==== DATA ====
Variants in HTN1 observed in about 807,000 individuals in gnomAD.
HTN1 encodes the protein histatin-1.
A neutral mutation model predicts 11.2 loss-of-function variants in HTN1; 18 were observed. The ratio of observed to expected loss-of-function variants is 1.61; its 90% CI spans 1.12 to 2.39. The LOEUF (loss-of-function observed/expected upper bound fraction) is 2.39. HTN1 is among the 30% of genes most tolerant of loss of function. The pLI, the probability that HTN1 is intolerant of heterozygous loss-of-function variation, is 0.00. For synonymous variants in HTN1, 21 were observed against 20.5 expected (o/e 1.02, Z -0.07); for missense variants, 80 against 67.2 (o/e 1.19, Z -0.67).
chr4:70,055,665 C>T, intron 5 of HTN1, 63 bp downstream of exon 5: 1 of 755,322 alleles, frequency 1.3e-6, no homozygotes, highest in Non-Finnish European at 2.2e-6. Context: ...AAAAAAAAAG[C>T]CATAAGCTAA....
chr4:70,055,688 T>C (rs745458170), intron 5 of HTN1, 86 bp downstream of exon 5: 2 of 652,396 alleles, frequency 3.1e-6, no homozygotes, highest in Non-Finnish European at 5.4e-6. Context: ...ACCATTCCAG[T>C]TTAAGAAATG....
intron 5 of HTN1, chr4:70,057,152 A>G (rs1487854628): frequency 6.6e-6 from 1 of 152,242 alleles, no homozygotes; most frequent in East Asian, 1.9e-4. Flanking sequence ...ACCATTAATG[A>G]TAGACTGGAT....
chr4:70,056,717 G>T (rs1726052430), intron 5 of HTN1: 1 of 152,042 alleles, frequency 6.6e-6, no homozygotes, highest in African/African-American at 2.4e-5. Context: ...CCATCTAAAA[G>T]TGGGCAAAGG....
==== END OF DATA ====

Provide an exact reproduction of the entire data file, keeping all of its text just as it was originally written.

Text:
Variants in HTN1 observed in about 807,000 individuals in gnomAD.
HTN1 encodes the protein histatin-1.
A neutral mutation model predicts 11.2 loss-of-function variants in HTN1; 18 were observed. The ratio of observed to expected loss-of-function variants is 1.61; its 90% CI spans 1.12 to 2.39. The LOEUF (loss-of-function observed/expected upper bound fraction) is 2.39. HTN1 is among the 30% of genes most tolerant of loss of function. The pLI, the probability that HTN1 is intolerant of heterozygous loss-of-function variation, is 0.00. For synonymous variants in HTN1, 21 were observed against 20.5 expected (o/e 1.02, Z -0.07); for missense variants, 80 against 67.2 (o/e 1.19, Z -0.67).
chr4:70,055,665 C>T, intron 5 of HTN1, 63 bp downstream of exon 5: 1 of 755,322 alleles, frequency 1.3e-6, no homozygotes, highest in Non-Finnish European at 2.2e-6. Context: ...AAAAAAAAAG[C>T]CATAAGCTAA....
chr4:70,055,688 T>C (rs745458170), intron 5 of HTN1, 86 bp downstream of exon 5: 2 of 652,396 alleles, frequency 3.1e-6, no homozygotes, highest in Non-Finnish European at 5.4e-6. Context: ...ACCATTCCAG[T>C]TTAAGAAATG....
intron 5 of HTN1, chr4:70,057,152 A>G (rs1487854628): frequency 6.6e-6 from 1 of 152,242 alleles, no homozygotes; most frequent in East Asian, 1.9e-4. Flanking sequence ...ACCATTAATG[A>G]TAGACTGGAT....
chr4:70,056,717 G>T (rs1726052430), intron 5 of HTN1: 1 of 152,042 alleles, frequency 6.6e-6, no homozygotes, highest in African/African-American at 2.4e-5. Context: ...CCATCTAAAA[G>T]TGGGCAAAGG....